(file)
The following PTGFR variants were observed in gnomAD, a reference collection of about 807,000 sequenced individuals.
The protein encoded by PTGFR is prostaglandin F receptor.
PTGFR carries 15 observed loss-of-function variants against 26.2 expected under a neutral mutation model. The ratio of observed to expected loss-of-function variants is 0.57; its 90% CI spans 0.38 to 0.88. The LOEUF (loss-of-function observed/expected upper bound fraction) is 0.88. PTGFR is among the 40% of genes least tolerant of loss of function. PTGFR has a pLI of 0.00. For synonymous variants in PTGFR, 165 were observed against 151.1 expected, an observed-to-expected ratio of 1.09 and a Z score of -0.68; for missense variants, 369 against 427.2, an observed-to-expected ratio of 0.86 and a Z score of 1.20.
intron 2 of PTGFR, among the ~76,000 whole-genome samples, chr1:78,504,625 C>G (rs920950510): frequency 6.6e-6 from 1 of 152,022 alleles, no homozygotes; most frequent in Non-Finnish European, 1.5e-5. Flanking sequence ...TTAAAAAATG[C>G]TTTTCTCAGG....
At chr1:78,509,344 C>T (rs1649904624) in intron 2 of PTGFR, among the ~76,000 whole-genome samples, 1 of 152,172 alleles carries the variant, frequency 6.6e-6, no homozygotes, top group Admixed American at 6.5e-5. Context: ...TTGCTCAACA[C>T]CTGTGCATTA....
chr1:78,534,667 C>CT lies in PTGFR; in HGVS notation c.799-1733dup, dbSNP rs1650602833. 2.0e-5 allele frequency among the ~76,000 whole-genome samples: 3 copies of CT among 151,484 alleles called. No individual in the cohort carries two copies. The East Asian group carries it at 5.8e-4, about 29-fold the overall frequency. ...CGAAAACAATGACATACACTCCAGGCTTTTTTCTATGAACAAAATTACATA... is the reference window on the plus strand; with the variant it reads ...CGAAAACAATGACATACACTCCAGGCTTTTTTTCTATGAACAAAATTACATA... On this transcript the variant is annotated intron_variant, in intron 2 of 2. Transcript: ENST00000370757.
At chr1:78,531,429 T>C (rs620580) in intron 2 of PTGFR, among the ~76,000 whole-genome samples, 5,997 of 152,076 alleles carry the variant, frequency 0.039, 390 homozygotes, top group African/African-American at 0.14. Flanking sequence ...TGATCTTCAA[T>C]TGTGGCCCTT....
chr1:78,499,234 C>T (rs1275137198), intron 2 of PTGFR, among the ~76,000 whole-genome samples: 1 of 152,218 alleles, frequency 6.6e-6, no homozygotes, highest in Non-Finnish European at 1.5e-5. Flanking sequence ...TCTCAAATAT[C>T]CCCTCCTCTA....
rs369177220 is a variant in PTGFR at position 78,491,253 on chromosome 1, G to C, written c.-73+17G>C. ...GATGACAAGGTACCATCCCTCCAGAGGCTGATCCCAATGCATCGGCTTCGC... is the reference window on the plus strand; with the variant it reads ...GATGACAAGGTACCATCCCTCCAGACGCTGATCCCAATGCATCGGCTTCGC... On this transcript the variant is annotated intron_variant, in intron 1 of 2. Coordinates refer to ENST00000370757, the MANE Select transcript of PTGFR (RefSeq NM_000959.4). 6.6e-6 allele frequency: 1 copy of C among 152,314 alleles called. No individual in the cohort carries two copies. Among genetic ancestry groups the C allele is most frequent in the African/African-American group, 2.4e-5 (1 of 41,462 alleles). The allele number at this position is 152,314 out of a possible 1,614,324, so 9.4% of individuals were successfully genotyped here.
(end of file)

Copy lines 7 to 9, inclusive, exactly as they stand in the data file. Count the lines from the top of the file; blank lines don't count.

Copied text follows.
At chr1:78,531,429 T>C (rs620580) in intron 2 of PTGFR, among the ~76,000 whole-genome samples, 5,997 of 152,076 alleles carry the variant, frequency 0.039, 390 homozygotes, top group African/African-American at 0.14. Flanking sequence ...TGATCTTCAA[T>C]TGTGGCCCTT....
chr1:78,499,234 C>T (rs1275137198), intron 2 of PTGFR, among the ~76,000 whole-genome samples: 1 of 152,218 alleles, frequency 6.6e-6, no homozygotes, highest in Non-Finnish European at 1.5e-5. Flanking sequence ...TCTCAAATAT[C>T]CCCTCCTCTA....
rs369177220 is a variant in PTGFR at position 78,491,253 on chromosome 1, G to C, written c.-73+17G>C. ...GATGACAAGGTACCATCCCTCCAGAGGCTGATCCCAATGCATCGGCTTCGC... is the reference window on the plus strand; with the variant it reads ...GATGACAAGGTACCATCCCTCCAGACGCTGATCCCAATGCATCGGCTTCGC... On this transcript the variant is annotated intron_variant, in intron 1 of 2. Coordinates refer to ENST00000370757, the MANE Select transcript of PTGFR (RefSeq NM_000959.4). 6.6e-6 allele frequency: 1 copy of C among 152,314 alleles called. No individual in the cohort carries two copies. Among genetic ancestry groups the C allele is most frequent in the African/African-American group, 2.4e-5 (1 of 41,462 alleles). The allele number at this position is 152,314 out of a possible 1,614,324, so 9.4% of individuals were successfully genotyped here.